Senior Catholic William Wade sentenced for concealing child sex abuse at Marist schools

By Jamie Mckinnell
Australian Broadcasting Corporation
September 30, 2020

William Wade arrives at Sydney's Downing Centre court complex.
Photo by Jamie McKinnell

The first senior Catholic to plead guilty to concealing child sexual abuse in Australia has escaped jail despite a judge acknowledging his "reprehensible" inaction contributed to "terrible consequences".

William Wade admitted to failing to provide information to police during a 2014 investigation into abuse at Marist schools in the 1970s.

Wade's roles at Marist Brothers schools included headmaster in Canberra, at Hamilton, in Newcastle, and Kogarah, in Sydney alongside convicted child sex offenders Darcy O'Sullivan, known as Brother Dominic, and Francis Cable, known as Brother Romuald.

Wade, who was known as Brother Christopher, had previously been convicted and jailed for child sexual abuse.

The 84-year-old was charged under section 316 of the Crimes Act, which from 1990 made it an offence to conceal a serious indictable offence, punishable by up to two years in jail.

Acting Judge Michael Adams at Sydney's Downing Centre court on Wednesday said Wade must be sentenced on the basis of his criminality at the time of the charges — 2014 — rather than when the complaints were made.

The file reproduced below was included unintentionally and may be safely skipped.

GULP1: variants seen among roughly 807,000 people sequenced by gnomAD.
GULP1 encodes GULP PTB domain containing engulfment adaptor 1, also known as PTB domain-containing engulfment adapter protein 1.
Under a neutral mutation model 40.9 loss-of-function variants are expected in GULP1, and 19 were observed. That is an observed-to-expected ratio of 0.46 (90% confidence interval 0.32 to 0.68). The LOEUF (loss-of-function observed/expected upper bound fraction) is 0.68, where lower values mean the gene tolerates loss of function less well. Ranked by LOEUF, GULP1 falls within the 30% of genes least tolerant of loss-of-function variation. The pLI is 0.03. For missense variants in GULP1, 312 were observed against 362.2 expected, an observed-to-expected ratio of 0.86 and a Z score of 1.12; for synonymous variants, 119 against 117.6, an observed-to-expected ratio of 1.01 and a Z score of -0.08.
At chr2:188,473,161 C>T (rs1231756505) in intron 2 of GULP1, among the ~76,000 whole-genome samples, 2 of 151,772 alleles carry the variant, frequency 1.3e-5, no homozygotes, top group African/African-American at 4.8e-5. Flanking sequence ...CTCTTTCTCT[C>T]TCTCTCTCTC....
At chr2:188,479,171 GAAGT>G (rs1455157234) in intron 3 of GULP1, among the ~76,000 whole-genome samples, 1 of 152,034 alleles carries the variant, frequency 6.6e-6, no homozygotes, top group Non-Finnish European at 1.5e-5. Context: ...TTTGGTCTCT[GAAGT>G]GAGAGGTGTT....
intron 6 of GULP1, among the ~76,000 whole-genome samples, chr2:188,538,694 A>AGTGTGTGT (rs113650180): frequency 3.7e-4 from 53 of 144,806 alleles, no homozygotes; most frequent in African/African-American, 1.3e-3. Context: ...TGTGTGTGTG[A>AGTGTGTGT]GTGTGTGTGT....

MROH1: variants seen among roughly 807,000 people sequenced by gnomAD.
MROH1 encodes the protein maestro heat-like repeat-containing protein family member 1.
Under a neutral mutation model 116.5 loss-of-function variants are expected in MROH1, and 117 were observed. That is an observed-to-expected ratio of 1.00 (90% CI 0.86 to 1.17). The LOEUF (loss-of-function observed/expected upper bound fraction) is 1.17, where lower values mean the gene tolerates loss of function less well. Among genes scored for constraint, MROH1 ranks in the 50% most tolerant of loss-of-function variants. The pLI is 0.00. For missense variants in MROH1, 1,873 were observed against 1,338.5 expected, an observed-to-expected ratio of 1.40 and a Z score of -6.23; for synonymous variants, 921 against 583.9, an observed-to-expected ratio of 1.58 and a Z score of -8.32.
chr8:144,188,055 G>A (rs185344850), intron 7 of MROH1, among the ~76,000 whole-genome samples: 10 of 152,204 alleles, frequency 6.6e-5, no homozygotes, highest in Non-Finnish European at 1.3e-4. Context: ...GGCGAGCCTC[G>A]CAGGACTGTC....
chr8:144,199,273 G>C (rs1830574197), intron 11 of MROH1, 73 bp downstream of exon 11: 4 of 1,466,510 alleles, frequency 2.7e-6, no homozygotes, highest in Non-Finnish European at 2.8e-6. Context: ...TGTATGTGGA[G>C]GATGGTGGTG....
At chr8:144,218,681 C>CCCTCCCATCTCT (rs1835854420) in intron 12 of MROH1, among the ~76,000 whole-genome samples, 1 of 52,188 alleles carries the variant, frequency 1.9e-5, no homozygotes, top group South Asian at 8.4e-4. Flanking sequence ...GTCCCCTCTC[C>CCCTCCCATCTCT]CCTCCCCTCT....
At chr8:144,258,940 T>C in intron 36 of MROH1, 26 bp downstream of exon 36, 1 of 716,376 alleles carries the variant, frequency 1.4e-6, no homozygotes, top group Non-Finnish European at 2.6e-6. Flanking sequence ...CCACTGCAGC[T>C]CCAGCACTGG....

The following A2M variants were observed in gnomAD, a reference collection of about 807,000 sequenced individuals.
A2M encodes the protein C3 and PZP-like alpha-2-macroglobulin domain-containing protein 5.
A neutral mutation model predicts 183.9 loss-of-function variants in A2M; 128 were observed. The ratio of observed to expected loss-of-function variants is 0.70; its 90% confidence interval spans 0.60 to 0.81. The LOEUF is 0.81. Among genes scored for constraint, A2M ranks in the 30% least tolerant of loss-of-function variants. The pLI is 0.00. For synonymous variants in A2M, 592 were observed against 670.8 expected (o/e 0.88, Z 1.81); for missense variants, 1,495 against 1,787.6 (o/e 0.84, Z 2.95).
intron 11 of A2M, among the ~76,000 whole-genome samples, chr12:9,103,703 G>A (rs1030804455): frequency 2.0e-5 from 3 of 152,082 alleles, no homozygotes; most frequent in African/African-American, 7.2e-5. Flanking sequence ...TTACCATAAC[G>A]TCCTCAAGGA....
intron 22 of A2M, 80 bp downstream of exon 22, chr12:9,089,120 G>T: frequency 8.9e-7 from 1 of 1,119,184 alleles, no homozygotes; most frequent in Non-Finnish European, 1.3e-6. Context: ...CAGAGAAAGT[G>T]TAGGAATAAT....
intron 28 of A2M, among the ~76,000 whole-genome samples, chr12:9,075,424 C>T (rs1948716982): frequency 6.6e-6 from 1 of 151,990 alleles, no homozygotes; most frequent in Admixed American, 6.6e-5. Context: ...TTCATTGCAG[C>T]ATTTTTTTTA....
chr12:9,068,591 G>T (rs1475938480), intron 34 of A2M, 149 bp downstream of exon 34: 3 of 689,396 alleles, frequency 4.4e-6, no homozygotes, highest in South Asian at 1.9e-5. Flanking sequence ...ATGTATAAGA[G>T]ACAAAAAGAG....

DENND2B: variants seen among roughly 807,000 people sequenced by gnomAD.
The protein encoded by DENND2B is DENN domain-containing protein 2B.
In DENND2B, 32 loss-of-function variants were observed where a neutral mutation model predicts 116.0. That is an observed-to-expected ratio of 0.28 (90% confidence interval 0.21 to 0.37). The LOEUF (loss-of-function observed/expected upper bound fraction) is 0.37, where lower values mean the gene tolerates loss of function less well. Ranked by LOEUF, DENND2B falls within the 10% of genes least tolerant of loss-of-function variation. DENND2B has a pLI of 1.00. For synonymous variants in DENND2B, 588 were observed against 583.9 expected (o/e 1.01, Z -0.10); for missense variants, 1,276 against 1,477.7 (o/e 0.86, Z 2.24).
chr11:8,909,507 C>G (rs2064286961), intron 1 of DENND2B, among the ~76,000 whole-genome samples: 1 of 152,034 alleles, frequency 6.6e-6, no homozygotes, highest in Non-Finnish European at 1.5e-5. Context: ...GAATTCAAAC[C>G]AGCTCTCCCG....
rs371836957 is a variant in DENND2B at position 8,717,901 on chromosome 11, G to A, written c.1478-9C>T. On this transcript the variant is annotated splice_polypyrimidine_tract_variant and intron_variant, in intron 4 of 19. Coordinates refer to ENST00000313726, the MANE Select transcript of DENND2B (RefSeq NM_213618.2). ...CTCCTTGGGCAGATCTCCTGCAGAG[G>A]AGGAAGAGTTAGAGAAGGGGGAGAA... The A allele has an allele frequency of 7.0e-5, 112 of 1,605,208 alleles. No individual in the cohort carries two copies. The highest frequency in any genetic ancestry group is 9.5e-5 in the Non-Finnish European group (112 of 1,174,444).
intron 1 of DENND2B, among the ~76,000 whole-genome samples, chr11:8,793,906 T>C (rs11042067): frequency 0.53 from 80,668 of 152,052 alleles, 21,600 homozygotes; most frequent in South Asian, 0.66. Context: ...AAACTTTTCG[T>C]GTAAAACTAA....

He said Wade had a moral responsibility to his students and his employer.

"It seems obvious that had the offender done his duty by his students for whom he was responsible at the time they made their complaints, the further sexual abuse of other victims may have been prevented," the acting judge said.

"His inaction and silence thus contributed to terrible consequences."

He sentenced Wade to four months imprisonment, to be served in the community.

"His failure to take action, however reprehensible at the time, was not then a criminal offence, and he has not been charged with that failure," Acting Justice Adams said.

The court heard many students reported being abused by O'Sullivan and Cable to Wade in the 1970s, but he told one victim: "These things don't happen here, you can't make up stories like that."

When police spoke to Wade about O'Sullivan in April 2014, he said he was "completely shocked" and claimed to only recall one complaint about Cable.

During an earlier sentence hearing, one of Wade's former students described the abuse he suffered at Newcastle Marist Brothers College 45 years ago and how Wade did nothing when it was reported.

"I have been ashamed of myself most of my life," he told the court.

"What happened to me is never far from my thoughts."

In 2017, Wade was sentenced to 18 months in jail for abusing two boys — one at Hamilton in 1976 and another at Kogarah four years later.

One of his victims previously described Wade as "barbaric" and said he had a reputation as a very hard and cruel punisher.


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